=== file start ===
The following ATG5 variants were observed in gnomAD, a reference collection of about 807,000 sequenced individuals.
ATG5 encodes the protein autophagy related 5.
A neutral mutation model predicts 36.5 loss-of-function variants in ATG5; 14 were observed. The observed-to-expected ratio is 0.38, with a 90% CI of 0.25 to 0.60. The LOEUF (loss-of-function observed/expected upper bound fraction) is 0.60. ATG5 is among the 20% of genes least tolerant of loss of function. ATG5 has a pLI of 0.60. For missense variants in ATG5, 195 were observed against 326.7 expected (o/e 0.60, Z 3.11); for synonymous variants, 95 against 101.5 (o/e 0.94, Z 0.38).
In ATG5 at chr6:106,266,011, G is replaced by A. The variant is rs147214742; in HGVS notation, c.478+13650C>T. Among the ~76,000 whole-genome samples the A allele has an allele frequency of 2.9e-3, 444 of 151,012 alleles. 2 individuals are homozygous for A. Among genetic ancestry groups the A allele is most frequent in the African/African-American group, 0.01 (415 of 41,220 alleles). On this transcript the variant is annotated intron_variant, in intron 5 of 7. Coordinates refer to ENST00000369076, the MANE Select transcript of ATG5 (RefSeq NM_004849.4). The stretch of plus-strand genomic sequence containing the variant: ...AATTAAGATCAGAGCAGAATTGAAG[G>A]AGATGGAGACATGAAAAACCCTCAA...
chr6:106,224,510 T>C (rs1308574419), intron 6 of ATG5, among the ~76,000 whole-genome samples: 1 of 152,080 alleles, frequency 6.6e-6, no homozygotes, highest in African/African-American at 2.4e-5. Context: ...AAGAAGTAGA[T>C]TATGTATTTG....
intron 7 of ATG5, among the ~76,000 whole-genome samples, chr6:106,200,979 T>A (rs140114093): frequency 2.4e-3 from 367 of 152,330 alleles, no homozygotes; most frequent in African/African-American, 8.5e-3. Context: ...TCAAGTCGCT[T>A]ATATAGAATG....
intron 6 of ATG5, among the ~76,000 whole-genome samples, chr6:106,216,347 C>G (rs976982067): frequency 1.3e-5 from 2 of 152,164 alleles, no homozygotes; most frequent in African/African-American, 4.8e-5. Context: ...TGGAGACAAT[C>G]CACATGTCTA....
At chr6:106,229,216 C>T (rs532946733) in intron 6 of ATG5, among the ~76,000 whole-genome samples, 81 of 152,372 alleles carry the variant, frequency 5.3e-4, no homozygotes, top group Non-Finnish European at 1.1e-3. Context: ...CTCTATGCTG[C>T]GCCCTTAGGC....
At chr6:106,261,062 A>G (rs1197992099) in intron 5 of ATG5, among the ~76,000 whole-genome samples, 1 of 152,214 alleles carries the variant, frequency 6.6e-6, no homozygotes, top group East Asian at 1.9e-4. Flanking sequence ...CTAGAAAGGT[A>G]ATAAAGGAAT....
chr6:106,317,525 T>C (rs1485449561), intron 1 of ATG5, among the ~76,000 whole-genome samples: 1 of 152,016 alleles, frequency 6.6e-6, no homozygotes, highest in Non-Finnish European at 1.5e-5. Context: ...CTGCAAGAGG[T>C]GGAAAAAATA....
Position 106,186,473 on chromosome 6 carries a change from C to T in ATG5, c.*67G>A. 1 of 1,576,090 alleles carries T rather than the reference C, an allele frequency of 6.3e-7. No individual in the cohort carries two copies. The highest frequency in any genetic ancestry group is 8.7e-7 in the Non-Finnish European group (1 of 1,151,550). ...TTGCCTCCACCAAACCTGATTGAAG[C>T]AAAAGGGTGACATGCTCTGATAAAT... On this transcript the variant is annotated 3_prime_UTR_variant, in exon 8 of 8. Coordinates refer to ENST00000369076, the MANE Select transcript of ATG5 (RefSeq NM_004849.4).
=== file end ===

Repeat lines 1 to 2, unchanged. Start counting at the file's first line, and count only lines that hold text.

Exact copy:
The following ATG5 variants were observed in gnomAD, a reference collection of about 807,000 sequenced individuals.
ATG5 encodes the protein autophagy related 5.